Journey of a Dress: the Story of Diane von Furstenberg

A collection of wrap dresses by Diane von Furstenberg at LACMA West's "DVF: Journey of a Dress" Exhibition

On Saturday January 25th, twenty Los Angeles museums opened up their doors free of charge. I was absolutely delighted by Los Angeles Museum Day and the huge turnout at the Los Angeles County Museum of Art (aka LACMA), and as an art history major, I couldn't help but to take advantage of free admission to an otherwise costly cultural institution.

The fact that the LACMA West was currently hosting "DVF: Journey of a Dress" only further inspired me to make Saturday one of culture and fashion, and my Big (sorority sister) and I ventured to West Hollywood to learn all about the wrap dress.


If you are in the Los Angeles area (or visiting before April 1, when the exhibition ends) I highly recommend stopping by the Diane von Furstenberg retrospective. It's free (!!) and it is very well done.

Filled with the punchy prints and bold colors that Diane is known for, the visitor is lead through a visual timeline of the iconic wrap dress, with a series of images from magazines and pop culture emphasizing the far-reaching power of the working woman staple.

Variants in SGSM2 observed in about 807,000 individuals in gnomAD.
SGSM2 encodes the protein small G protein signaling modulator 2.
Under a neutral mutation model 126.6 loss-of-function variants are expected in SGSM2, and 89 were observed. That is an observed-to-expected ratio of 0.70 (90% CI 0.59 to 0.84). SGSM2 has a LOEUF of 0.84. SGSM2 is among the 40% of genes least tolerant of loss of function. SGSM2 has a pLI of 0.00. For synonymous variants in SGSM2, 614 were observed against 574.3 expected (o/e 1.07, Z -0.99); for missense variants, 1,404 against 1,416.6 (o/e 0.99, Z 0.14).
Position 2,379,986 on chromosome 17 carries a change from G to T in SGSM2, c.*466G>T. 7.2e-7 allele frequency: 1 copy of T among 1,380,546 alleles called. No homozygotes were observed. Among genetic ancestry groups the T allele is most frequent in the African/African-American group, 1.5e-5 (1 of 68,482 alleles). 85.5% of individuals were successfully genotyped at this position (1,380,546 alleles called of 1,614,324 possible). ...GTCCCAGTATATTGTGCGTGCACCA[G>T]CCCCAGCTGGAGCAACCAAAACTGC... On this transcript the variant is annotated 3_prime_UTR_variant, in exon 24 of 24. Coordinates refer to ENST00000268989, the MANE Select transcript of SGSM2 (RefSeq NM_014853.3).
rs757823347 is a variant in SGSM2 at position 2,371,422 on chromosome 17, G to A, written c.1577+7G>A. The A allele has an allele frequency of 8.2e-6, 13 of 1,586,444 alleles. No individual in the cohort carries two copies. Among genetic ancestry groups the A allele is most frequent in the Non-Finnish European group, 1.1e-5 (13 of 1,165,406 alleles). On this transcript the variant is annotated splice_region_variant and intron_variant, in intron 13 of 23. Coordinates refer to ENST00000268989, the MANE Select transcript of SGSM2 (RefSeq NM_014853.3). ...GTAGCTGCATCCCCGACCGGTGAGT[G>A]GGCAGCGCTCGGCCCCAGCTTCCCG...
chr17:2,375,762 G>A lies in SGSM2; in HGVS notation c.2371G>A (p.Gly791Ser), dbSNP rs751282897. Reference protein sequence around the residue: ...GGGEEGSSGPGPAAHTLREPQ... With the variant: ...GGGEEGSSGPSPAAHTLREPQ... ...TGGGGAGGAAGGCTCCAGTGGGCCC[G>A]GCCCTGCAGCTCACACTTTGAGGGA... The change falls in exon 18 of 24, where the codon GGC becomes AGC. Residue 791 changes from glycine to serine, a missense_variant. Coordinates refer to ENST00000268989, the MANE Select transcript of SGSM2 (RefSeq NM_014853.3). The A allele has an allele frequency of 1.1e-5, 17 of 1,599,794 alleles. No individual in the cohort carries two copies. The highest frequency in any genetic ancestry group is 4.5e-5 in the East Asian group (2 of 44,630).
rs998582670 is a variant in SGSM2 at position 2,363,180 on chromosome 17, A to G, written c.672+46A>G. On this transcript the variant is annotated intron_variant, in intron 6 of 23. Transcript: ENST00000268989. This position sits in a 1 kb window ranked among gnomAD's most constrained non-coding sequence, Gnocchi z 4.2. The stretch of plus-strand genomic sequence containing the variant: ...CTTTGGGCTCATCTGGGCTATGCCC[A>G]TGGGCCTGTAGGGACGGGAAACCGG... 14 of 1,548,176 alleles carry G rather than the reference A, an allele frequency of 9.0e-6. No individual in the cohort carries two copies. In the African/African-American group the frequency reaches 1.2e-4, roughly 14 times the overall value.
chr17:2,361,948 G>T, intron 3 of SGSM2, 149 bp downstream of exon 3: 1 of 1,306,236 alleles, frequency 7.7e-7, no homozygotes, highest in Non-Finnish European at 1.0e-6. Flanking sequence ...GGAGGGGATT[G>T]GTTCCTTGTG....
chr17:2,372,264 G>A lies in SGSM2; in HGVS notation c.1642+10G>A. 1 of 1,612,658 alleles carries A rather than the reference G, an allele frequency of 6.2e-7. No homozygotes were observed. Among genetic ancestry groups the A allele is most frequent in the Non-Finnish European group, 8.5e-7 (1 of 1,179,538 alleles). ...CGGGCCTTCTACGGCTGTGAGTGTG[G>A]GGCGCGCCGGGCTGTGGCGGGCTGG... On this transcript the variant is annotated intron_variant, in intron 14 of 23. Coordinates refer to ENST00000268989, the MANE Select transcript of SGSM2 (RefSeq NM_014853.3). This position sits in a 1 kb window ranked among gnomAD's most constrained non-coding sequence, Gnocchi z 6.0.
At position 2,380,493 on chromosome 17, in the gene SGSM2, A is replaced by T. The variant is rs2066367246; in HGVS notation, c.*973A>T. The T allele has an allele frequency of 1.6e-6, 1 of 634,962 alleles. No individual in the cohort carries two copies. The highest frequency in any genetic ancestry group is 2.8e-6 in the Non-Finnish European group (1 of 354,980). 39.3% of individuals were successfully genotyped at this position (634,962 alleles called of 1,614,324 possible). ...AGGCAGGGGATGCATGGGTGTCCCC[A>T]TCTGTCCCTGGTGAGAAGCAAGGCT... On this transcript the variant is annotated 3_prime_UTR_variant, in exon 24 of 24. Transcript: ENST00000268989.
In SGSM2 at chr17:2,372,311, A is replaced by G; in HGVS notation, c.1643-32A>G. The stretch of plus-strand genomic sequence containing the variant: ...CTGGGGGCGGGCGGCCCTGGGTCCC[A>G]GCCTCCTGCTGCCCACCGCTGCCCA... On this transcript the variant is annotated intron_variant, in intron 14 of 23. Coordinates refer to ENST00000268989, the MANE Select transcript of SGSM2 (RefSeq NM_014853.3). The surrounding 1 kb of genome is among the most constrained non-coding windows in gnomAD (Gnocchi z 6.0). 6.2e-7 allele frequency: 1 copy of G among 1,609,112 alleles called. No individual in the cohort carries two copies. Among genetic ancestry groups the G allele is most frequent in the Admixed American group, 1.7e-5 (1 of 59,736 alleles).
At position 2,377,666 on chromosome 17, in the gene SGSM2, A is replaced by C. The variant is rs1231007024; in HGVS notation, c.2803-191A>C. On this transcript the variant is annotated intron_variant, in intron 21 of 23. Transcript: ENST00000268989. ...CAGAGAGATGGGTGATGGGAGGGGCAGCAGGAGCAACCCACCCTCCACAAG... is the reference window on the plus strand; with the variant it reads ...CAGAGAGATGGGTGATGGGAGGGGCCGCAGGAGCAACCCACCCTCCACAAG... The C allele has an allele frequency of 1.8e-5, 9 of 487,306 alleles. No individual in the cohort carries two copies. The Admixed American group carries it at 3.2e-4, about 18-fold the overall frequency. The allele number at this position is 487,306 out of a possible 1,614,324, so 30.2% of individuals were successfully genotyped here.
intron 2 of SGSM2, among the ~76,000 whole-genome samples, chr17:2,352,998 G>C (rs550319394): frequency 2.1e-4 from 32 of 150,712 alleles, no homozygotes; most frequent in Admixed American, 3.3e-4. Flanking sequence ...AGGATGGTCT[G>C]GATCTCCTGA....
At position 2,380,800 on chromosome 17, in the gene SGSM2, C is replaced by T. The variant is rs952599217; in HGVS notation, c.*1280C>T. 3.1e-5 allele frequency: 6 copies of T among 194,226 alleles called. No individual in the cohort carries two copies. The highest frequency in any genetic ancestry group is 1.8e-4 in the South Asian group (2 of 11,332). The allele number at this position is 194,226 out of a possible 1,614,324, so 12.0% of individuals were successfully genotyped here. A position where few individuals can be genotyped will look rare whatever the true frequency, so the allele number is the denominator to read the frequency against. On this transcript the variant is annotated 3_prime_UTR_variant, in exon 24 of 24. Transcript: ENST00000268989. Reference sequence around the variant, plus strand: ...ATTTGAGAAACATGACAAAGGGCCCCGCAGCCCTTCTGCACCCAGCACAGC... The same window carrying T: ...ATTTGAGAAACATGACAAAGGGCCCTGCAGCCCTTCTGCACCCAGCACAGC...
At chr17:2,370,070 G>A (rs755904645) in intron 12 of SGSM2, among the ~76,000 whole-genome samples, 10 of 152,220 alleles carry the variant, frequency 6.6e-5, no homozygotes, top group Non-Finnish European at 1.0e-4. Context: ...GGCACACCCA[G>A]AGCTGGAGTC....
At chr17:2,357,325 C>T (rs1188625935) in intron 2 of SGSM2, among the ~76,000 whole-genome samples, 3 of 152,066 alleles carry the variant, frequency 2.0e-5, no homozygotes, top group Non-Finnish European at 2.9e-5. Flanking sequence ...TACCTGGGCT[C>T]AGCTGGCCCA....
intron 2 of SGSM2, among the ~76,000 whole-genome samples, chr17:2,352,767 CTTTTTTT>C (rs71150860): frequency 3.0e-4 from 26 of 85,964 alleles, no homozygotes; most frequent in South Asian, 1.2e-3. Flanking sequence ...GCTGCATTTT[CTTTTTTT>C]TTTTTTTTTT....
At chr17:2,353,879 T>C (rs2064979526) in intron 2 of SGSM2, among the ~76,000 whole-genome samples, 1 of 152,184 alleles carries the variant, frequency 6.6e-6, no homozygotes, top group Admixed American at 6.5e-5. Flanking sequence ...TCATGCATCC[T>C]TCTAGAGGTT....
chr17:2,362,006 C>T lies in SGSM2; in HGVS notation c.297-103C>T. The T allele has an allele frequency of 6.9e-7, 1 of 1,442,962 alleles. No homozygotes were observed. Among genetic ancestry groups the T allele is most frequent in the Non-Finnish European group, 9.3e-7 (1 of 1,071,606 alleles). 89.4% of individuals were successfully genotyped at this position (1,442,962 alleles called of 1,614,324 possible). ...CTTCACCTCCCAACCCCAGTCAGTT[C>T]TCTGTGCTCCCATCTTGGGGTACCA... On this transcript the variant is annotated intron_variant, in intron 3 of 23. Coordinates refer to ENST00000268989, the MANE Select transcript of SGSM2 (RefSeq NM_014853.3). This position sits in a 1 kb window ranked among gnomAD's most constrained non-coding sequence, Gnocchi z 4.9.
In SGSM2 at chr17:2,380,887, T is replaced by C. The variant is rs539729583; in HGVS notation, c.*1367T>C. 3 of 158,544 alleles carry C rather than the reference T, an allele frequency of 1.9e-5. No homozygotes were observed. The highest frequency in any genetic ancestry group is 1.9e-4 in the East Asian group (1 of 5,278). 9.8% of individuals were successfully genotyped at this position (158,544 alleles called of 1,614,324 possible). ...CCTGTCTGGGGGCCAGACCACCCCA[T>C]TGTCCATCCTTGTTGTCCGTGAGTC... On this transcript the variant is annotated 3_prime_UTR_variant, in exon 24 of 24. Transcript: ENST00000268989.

A society girl and one-time princess (yes, you read that right - Furstenberg was married to a German prince once upon a time; when they divorced, she decided to keep the last name) may have been an unlikely candidate for everywoman fashion icon, but if the last forty years have taught us anything, it's that DvF knows how to make a woman look beautiful and powerful.


Her signature quote, "Feel like a woman. Wear a dress!" perfectly resonates with her iconic dress and the motto of the seventies, but the quote is just as relevant in the twenty-first century.

After walking through the timeline hallway, one emerges into an expansive room filled with archival dresses, punctuated by loud geometric patterns and prints that wrap around the floors and walls. The collection of wrap dresses is separated into five categories (black & white, animal print, geometric, nature, and multicolor) and includes both pieces from the past and present.


Another room served as an art gallery, with paintings, drawings, and photographs of Diane or her clothes. The standouts - a series of Warhol screens and a group of portraits shot by Chuck Close. It was all beautiful, though, and it made the point that I so often stress to others - that art and fashion are quite closely interrelated - perfectly evident.

Go see it if you have the chance. You won't be disappointed!

Me, surrounded by ferocious technicolor leopard print (J. Crew shirt and skirt, Kate Spade purse, C Wonder boots)

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I love hearing your thoughts! Thanks for reading! ♥︎Lindsey